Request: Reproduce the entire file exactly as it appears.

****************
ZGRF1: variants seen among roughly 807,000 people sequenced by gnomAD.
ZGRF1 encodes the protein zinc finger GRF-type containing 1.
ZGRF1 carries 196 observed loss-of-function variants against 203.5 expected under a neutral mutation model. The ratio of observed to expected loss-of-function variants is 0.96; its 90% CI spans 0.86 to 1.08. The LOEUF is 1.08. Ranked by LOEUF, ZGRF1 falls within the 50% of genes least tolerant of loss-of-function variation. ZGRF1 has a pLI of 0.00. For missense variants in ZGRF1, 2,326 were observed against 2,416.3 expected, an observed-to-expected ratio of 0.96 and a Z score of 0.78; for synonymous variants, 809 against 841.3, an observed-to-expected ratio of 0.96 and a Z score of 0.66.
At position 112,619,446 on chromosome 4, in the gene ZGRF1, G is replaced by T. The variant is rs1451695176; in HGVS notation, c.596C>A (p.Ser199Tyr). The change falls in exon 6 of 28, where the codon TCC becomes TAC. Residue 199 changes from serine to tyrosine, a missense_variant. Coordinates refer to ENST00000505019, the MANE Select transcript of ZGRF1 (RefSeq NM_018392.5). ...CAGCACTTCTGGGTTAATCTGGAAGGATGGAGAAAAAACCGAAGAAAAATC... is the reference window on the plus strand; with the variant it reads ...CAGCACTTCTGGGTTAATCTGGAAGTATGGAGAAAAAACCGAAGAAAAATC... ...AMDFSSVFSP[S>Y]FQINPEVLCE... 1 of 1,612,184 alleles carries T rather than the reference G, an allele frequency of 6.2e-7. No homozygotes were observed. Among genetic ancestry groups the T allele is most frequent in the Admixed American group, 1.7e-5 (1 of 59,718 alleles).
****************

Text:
ZGRF1: variants seen among roughly 807,000 people sequenced by gnomAD.
ZGRF1 encodes the protein zinc finger GRF-type containing 1.
ZGRF1 carries 196 observed loss-of-function variants against 203.5 expected under a neutral mutation model. The ratio of observed to expected loss-of-function variants is 0.96; its 90% CI spans 0.86 to 1.08. The LOEUF is 1.08. Ranked by LOEUF, ZGRF1 falls within the 50% of genes least tolerant of loss-of-function variation. ZGRF1 has a pLI of 0.00. For missense variants in ZGRF1, 2,326 were observed against 2,416.3 expected, an observed-to-expected ratio of 0.96 and a Z score of 0.78; for synonymous variants, 809 against 841.3, an observed-to-expected ratio of 0.96 and a Z score of 0.66.
At position 112,619,446 on chromosome 4, in the gene ZGRF1, G is replaced by T. The variant is rs1451695176; in HGVS notation, c.596C>A (p.Ser199Tyr). The change falls in exon 6 of 28, where the codon TCC becomes TAC. Residue 199 changes from serine to tyrosine, a missense_variant. Coordinates refer to ENST00000505019, the MANE Select transcript of ZGRF1 (RefSeq NM_018392.5). ...CAGCACTTCTGGGTTAATCTGGAAGGATGGAGAAAAAACCGAAGAAAAATC... is the reference window on the plus strand; with the variant it reads ...CAGCACTTCTGGGTTAATCTGGAAGTATGGAGAAAAAACCGAAGAAAAATC... ...AMDFSSVFSP[S>Y]FQINPEVLCE... 1 of 1,612,184 alleles carries T rather than the reference G, an allele frequency of 6.2e-7. No homozygotes were observed. Among genetic ancestry groups the T allele is most frequent in the Admixed American group, 1.7e-5 (1 of 59,718 alleles).